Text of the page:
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Learn about driving restrictions and specific initiatives aimed at keeping Alaska’s elderly drivers and highways safe.

While the Alaska Division of Motor Vehicles (DMV) enforces a plethora of laws and regulations that apply to drivers of all ages and stages, the state imposes certain unique requirements and limits on senior drivers.

The Alaska state standards are discussed in further detail below, but many of them concentrate on recognizing and dealing with elderly drivers who may have become risky. Alaska, in particular:

drivers aged 69 and over must renew their licenses in person
mandates a vision exam for drivers 69 and older renewing in person, and accepts requests from anybody with firsthand knowledge of the driver’s health and capabilities to undertake a hazardous driving inquiry.

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Alaska License Renewal Procedures for Senior Citizens

Renewal: Drivers 69 and older must renew in person every five years.

Eyesight test: Required during in-person renewal unless you have a certified statement from a qualified physician or optometrist declaring that your vision meets or exceeds the department’s criteria of 20/40 vision in each eye or both eyes combined.

Reexamination: If the DMV has reasonable grounds to think that a licensed driver is incompetent or otherwise unqualified to drive, it may issue a written notice ordering him or her to take an examination within 10 days.

Road test: Required only if a law enforcement officer, a physician, or a family member reports signs of driving impairment.

License Restrictions That Might Exist

Alaska does not impose special requirements or limits for senior drivers. However, the DMV may refuse a license if it believes, based on medical evidence, that a person is unable to drive safely due to a physical or mental handicap.

The DMV may impose limitations on specific mechanical control devices necessary on a motor vehicle that are appropriate to an individual’s driving ability, as well as other restrictions that it deems reasonable to ensure the person can drive safely.

The most prevalent limitation for senior drivers is the need for corrective lenses or glasses.

Other frequent conditions that the DMV may place on elderly drivers in Alaska include:

no highway driving
a second right-side mirror on a vehicle
There are no nighttime driving limits—for example, no driving during rush hour traffic supports to maintain a correct driving position geographic area restrictions, and wearing bioptic telescopic lenses while driving.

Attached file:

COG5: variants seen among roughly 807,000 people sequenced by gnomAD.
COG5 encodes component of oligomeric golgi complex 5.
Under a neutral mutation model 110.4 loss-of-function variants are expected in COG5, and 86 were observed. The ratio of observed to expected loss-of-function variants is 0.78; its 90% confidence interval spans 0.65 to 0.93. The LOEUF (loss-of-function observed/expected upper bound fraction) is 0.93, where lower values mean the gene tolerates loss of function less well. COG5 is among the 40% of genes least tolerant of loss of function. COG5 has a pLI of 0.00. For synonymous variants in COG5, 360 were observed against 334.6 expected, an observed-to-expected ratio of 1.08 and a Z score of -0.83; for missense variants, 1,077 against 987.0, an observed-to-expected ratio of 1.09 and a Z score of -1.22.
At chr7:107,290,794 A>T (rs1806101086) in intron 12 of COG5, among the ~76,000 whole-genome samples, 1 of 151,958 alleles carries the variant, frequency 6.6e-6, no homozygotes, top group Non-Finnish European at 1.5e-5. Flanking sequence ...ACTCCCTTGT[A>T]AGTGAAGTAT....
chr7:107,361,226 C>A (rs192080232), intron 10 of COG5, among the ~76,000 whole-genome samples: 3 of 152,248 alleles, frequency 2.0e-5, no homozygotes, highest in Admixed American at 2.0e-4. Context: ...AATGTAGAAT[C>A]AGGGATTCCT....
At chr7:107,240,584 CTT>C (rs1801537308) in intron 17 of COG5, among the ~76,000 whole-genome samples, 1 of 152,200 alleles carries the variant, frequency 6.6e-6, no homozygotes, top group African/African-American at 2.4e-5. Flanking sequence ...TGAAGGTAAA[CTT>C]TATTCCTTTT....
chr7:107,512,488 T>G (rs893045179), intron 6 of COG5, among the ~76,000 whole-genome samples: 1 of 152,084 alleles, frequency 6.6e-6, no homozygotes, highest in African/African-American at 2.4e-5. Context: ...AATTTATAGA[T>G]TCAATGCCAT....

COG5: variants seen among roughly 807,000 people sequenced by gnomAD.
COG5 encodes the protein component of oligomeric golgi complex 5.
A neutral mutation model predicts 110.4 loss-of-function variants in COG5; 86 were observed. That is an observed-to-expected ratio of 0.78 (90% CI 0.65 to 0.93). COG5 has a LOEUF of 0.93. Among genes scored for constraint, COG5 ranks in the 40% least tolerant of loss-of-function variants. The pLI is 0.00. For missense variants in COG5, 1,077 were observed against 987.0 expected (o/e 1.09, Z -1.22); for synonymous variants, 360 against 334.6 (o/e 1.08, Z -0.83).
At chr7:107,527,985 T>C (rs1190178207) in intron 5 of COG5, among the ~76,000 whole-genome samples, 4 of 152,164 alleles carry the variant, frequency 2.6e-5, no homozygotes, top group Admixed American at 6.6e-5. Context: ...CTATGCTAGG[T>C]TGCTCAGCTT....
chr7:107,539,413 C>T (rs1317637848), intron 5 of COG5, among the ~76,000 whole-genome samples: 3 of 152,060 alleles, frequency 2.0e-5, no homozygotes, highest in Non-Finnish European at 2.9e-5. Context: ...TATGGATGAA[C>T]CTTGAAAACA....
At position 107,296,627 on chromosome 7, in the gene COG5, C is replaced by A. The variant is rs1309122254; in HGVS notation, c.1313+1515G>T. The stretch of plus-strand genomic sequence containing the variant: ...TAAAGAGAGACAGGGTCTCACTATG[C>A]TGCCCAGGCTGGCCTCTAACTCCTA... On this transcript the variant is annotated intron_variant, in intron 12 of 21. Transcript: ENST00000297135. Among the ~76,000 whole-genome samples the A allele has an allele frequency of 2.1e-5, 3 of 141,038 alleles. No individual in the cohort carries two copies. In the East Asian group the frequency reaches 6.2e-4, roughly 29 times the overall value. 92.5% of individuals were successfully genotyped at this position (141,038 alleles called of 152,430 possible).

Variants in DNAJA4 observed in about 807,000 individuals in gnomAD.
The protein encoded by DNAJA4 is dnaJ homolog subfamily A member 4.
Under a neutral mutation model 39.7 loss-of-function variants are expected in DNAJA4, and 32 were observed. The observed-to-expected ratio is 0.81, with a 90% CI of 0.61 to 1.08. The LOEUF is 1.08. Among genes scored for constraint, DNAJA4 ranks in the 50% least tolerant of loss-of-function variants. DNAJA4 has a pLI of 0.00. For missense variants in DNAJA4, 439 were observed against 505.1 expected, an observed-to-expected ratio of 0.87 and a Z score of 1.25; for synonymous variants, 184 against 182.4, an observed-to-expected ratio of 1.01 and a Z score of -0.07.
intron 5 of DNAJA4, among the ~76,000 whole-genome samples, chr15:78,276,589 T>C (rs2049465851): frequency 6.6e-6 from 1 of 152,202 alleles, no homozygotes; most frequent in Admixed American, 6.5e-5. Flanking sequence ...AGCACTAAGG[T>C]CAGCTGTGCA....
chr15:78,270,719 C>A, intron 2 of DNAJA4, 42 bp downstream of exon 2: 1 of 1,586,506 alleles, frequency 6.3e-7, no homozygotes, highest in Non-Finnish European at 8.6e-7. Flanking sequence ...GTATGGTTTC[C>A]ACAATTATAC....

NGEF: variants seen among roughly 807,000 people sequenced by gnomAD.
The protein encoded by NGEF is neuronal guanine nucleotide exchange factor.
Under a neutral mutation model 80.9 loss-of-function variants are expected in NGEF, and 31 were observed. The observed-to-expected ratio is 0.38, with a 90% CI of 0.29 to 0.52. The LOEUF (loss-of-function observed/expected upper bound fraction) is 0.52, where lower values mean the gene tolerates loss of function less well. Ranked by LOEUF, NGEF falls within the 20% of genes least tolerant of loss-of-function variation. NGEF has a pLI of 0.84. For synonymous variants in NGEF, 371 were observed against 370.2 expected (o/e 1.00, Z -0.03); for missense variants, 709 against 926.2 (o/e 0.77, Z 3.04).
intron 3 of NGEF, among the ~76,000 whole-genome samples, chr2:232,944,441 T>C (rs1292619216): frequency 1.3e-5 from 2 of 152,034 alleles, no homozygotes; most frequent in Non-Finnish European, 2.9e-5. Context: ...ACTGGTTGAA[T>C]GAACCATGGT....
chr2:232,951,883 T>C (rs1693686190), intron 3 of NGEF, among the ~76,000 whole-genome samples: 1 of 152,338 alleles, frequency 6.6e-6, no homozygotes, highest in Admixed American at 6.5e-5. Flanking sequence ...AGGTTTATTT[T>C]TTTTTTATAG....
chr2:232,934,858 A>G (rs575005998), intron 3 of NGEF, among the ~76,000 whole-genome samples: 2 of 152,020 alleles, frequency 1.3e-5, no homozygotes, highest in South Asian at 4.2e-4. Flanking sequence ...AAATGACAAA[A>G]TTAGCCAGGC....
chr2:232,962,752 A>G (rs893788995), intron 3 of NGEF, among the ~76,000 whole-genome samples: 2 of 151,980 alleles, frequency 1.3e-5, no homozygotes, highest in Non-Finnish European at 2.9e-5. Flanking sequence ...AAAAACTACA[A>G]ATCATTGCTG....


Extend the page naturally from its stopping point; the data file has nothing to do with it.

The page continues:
In Alaska, How to Request an Unsafe Driver Investigation

Drivers are recommended to notify the DMV of any medical issues that cause them to lose consciousness. Other DMVs, law enforcement personnel, family members, and anyone else with intimate knowledge of the motorist may also report risky driving to the DMV. The information’s source is not kept private.

Complaints concerning dangerous driving are handled differently around the state. Those who want to report a risky driver can go to their nearest DMV office or phone 907-269-5551. The Department of Public Safety will next assess all provided material and may re-examine the driver.

Driver Improvement Programs in Alaska

The Providence Hospital Therapy Unit in Anchorage provides driver rehabilitation services to Alaska residents who have experienced a major illness or accident that has affected their driving ability, such as Alzheimer’s disease, dementia, or strokes. Call 907-212-6300 or visit the Providence Disabled Driver’s Program for further information.

How to Restore a Driver’s License

For information on how to reinstate a license that has been suspended or revoked, see the Alaska DMV’s Reinstatement website or call one of the state’s DMV offices.

How to Obtain Disabled Driver Parking Placards or License Plates

If a certified physician, physician’s assistant, nurse practitioner, podiatrist, or chiropractor verifies the condition, a disabled person parking permit may be granted.

Placards and license plates are also offered to people who:

cannot walk 200 feet without stopping to rest cannot walk without using or being assisted by a brace, cane, crutch, another person, prosthetic device, wheelchair, or other assistive device are severely limited by lung illness need portable oxygen
have a serious heart disease or are unable to walk owing to an arthritic, neurological, or orthopedic issue

The following steps must be taken in order to receive a disability placard or plate:

Fill out and sign a Disabled Parking Identification Application.
Part 2 of the application should be completed by a licensed physician, physician’s assistant, nurse practitioner, podiatrist, or chiropractor.
Send the original application to the address specified on the form.

Tax and registration fees are waived.

Alaska citizens 65 and above are eligible to register one car free of registration fees and motor vehicle registration tax. This exemption only applies to resident-owned passenger cars, mobile homes, vans, pick-up trucks, motorbikes, and non-commercial trailers.

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